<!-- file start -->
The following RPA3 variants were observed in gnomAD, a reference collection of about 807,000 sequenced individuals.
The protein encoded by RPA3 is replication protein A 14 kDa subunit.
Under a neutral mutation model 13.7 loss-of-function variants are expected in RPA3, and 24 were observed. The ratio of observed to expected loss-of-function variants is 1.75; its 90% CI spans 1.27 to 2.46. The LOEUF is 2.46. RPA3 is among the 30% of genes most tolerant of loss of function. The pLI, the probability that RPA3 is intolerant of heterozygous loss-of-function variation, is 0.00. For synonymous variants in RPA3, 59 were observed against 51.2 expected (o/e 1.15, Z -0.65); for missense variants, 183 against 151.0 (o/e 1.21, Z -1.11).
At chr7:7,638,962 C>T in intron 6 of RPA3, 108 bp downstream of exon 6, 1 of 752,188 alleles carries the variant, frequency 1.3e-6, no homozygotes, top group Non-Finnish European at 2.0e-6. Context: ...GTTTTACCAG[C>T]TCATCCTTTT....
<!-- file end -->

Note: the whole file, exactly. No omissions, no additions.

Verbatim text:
The following RPA3 variants were observed in gnomAD, a reference collection of about 807,000 sequenced individuals.
The protein encoded by RPA3 is replication protein A 14 kDa subunit.
Under a neutral mutation model 13.7 loss-of-function variants are expected in RPA3, and 24 were observed. The ratio of observed to expected loss-of-function variants is 1.75; its 90% CI spans 1.27 to 2.46. The LOEUF is 2.46. RPA3 is among the 30% of genes most tolerant of loss of function. The pLI, the probability that RPA3 is intolerant of heterozygous loss-of-function variation, is 0.00. For synonymous variants in RPA3, 59 were observed against 51.2 expected (o/e 1.15, Z -0.65); for missense variants, 183 against 151.0 (o/e 1.21, Z -1.11).
At chr7:7,638,962 C>T in intron 6 of RPA3, 108 bp downstream of exon 6, 1 of 752,188 alleles carries the variant, frequency 1.3e-6, no homozygotes, top group Non-Finnish European at 2.0e-6. Context: ...GTTTTACCAG[C>T]TCATCCTTTT....